Thu, Aug 23, 2018 - Page 8 News List

China’s growing economic clout

By Sam Sky Wild

Announcements by the US’ three biggest airlines that they are to list Taiwan as part of China might have registered as a tiny blip on the news radar, but some experts say that it represents efforts by Chinese authorities to assert control over the de facto island state.

Forty-four other airlines — including British Airways, Lufthansa and Qantas — also complied with China’s called-for changes, prompting American Airlines to respond: “Air travel is a global business and we abide by the rules in countries where we operate.”

Taiwan has for years grappled with China’s growing business power, while several other “rebel regions” have increasingly had to accommodate the sharper edge of this economic reality: From Tibet to Xinjiang, Macau to Hong Kong and elsewhere within China’s mosaic of regions, Chinese commercial strength is wielded with increasing effect.

“Sadly, businesses around the world are giving in too easily to China’s increasing demands and in Tibet — replete with its atrocious track record on human rights — there are dangerous precedents,” Free Tibet campaigns and communications manager John Jones said. “The more China’s economy permeates the rest of the world, the more they are encouraging other countries to ignore inconvenient realities about life within China’s borders. Today it’s Tibet, tomorrow it’s Hong Kong and then who knows where?”

There are significant differences in the quality of life and freedoms enjoyed among the people who China claims to rule. For example, Hong Kongers have unfettered access to the Internet, while an estimated 50,000 censors in China screen online content for most of the rest of its 1.4 billion citizens.

However, across China and the regions that it either occupies or borders, Beijing’s financial muscle is arguably being flexed and Taiwan is increasingly locked in this vice-like grip.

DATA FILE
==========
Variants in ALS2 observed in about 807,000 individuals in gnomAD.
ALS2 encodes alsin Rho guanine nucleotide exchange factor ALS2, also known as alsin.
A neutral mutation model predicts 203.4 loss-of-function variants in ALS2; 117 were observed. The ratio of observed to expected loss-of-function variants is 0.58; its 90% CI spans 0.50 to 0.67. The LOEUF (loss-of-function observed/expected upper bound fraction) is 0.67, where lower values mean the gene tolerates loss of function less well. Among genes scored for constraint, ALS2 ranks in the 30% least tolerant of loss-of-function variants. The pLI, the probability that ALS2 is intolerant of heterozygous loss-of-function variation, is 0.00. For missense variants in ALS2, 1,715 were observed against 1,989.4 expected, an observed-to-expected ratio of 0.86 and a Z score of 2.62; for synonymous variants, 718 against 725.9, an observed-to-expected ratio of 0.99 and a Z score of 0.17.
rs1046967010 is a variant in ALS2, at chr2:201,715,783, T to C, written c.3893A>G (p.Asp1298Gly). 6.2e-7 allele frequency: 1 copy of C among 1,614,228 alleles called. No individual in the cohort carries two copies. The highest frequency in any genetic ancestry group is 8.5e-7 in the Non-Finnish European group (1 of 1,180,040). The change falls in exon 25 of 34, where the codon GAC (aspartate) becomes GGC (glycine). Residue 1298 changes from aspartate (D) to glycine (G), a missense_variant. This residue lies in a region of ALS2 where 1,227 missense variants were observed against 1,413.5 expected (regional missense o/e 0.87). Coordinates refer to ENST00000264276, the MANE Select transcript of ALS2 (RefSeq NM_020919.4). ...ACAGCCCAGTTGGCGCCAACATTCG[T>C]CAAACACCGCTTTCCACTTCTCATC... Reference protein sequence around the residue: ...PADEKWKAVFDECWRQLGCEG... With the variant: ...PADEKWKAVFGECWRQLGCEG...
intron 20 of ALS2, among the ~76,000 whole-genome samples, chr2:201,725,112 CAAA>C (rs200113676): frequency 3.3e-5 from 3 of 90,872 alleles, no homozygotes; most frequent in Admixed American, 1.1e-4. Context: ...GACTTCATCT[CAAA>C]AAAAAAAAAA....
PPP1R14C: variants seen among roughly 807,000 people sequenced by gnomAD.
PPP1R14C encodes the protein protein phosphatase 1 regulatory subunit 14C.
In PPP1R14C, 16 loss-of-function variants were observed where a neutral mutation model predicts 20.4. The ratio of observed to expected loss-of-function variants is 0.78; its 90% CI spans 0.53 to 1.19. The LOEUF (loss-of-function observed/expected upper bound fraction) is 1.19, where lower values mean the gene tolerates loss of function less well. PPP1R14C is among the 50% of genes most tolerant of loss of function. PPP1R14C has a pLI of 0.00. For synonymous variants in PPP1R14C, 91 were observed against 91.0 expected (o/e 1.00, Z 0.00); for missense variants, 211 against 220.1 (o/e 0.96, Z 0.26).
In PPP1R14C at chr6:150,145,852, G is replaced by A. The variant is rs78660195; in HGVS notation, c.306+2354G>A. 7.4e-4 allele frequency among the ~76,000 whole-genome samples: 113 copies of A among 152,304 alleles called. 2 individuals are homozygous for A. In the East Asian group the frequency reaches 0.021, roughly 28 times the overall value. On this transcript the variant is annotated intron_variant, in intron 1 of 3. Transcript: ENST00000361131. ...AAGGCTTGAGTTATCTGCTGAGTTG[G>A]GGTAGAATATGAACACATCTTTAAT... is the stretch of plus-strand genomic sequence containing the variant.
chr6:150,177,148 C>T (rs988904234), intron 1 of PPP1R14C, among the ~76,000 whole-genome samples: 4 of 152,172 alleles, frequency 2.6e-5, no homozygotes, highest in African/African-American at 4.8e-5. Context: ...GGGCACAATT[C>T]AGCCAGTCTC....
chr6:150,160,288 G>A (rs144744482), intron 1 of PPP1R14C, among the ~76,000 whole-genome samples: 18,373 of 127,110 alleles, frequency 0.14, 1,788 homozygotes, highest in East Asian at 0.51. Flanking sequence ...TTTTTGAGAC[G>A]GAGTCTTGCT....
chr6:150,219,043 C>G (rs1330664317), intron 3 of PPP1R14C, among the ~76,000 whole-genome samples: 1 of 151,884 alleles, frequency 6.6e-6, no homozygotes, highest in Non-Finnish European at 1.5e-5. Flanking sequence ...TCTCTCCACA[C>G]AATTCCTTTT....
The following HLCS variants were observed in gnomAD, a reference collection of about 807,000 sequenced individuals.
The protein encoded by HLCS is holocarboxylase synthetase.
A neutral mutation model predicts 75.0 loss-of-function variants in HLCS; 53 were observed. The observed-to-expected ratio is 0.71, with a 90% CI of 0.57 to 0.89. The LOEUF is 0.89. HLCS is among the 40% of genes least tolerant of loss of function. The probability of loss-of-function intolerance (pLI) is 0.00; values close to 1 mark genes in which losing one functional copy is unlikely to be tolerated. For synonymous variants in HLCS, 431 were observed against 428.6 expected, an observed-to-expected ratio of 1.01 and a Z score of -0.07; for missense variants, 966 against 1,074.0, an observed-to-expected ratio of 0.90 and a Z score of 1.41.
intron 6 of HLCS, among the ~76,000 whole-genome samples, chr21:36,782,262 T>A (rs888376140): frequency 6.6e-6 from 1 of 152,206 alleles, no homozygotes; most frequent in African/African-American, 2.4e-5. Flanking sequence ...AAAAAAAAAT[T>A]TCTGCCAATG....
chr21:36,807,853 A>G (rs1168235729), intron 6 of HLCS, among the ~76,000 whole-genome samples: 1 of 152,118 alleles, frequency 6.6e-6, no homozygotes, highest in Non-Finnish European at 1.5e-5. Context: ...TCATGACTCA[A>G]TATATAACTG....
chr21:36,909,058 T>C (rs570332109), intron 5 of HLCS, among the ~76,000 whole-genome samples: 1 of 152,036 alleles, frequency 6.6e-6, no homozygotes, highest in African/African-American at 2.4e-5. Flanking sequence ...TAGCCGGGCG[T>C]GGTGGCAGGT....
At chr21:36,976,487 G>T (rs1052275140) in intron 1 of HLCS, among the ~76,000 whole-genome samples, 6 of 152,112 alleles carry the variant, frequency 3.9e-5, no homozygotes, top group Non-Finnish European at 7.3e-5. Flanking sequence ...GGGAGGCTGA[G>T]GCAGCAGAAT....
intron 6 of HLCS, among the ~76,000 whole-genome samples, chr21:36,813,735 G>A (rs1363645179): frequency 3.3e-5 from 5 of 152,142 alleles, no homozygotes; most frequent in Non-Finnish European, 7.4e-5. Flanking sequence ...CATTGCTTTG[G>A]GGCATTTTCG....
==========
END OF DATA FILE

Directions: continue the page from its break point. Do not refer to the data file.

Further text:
“China has been trying to squeeze Taiwan’s international space for decades. At times the process seems to slow down or become less visible, but it is a constant effort,” said Dafydd Fell, director of the Centre of Taiwan Studies at the School of Oriental and African Studies.

While Hong Kong remains a special administrative region of China, there are a growing number within the territory who fear for its semi-autonomous status.

“Reporters, either consciously or unconsciously, may avoid sensitive topics ... so as not to upset media owners with business interests in the mainland. Whilst there is no top-down censorship in Hong Kong, self-censorship is a worrying trend. Hong Kong may lose its status as a beacon of press freedom in the region,” Hong Kong Free Press editor-in-chief Tom Grundy said as he explained that hard-won freedoms are feeling the heat.

The Chinese Communist Party’s (CCP) 19th National Congress in November last year marked Chinese President Xi Jinping’s (習近平) fifth year in power. He used the event to issue veiled threats against those seeking to separate from China: “We will never allow anyone, any organization or any political party at any time or in any form to separate any part of Chinese territory from China... We will resolutely safeguard the national sovereignty and territorial integrity.”

Xi’s consolidated power base — further fortified by the decision allowing him to remain in office indefinitely — has not gone unobserved, with global agencies continuing to raise the alarm.

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